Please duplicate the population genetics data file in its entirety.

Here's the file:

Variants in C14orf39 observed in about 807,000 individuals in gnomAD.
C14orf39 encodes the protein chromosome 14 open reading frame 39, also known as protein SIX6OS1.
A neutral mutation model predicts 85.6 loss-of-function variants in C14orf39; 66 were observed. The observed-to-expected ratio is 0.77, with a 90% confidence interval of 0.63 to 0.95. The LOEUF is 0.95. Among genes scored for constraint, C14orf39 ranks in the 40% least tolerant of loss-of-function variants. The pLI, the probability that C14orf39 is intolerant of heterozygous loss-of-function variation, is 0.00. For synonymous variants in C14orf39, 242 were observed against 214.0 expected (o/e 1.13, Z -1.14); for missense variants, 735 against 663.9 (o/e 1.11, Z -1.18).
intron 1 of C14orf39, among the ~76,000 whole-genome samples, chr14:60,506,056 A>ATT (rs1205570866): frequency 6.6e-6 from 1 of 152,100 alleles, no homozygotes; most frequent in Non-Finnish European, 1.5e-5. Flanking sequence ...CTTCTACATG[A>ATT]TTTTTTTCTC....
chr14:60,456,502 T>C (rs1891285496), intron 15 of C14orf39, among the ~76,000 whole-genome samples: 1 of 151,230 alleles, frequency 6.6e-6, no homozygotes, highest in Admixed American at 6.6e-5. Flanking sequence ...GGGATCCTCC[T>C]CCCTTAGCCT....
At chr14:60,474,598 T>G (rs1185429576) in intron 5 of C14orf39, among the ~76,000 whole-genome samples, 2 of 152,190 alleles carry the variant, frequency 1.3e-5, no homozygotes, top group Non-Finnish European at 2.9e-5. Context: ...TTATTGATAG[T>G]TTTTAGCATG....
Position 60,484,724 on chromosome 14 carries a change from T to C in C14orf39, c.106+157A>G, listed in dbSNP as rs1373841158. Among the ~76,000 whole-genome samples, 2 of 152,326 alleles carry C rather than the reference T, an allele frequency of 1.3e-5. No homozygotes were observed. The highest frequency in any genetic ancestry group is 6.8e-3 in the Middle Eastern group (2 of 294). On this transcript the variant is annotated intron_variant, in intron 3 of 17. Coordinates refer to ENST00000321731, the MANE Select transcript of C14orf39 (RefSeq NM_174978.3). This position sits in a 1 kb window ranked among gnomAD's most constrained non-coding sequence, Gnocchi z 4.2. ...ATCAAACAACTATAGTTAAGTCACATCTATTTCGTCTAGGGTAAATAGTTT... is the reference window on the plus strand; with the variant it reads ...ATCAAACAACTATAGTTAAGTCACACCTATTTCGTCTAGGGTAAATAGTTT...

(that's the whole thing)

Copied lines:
Variants in C14orf39 observed in about 807,000 individuals in gnomAD.
C14orf39 encodes the protein chromosome 14 open reading frame 39, also known as protein SIX6OS1.
A neutral mutation model predicts 85.6 loss-of-function variants in C14orf39; 66 were observed. The observed-to-expected ratio is 0.77, with a 90% confidence interval of 0.63 to 0.95. The LOEUF is 0.95. Among genes scored for constraint, C14orf39 ranks in the 40% least tolerant of loss-of-function variants. The pLI, the probability that C14orf39 is intolerant of heterozygous loss-of-function variation, is 0.00. For synonymous variants in C14orf39, 242 were observed against 214.0 expected (o/e 1.13, Z -1.14); for missense variants, 735 against 663.9 (o/e 1.11, Z -1.18).
intron 1 of C14orf39, among the ~76,000 whole-genome samples, chr14:60,506,056 A>ATT (rs1205570866): frequency 6.6e-6 from 1 of 152,100 alleles, no homozygotes; most frequent in Non-Finnish European, 1.5e-5. Flanking sequence ...CTTCTACATG[A>ATT]TTTTTTTCTC....
chr14:60,456,502 T>C (rs1891285496), intron 15 of C14orf39, among the ~76,000 whole-genome samples: 1 of 151,230 alleles, frequency 6.6e-6, no homozygotes, highest in Admixed American at 6.6e-5. Flanking sequence ...GGGATCCTCC[T>C]CCCTTAGCCT....
At chr14:60,474,598 T>G (rs1185429576) in intron 5 of C14orf39, among the ~76,000 whole-genome samples, 2 of 152,190 alleles carry the variant, frequency 1.3e-5, no homozygotes, top group Non-Finnish European at 2.9e-5. Context: ...TTATTGATAG[T>G]TTTTAGCATG....
Position 60,484,724 on chromosome 14 carries a change from T to C in C14orf39, c.106+157A>G, listed in dbSNP as rs1373841158. Among the ~76,000 whole-genome samples, 2 of 152,326 alleles carry C rather than the reference T, an allele frequency of 1.3e-5. No homozygotes were observed. The highest frequency in any genetic ancestry group is 6.8e-3 in the Middle Eastern group (2 of 294). On this transcript the variant is annotated intron_variant, in intron 3 of 17. Coordinates refer to ENST00000321731, the MANE Select transcript of C14orf39 (RefSeq NM_174978.3). This position sits in a 1 kb window ranked among gnomAD's most constrained non-coding sequence, Gnocchi z 4.2. ...ATCAAACAACTATAGTTAAGTCACATCTATTTCGTCTAGGGTAAATAGTTT... is the reference window on the plus strand; with the variant it reads ...ATCAAACAACTATAGTTAAGTCACACCTATTTCGTCTAGGGTAAATAGTTT...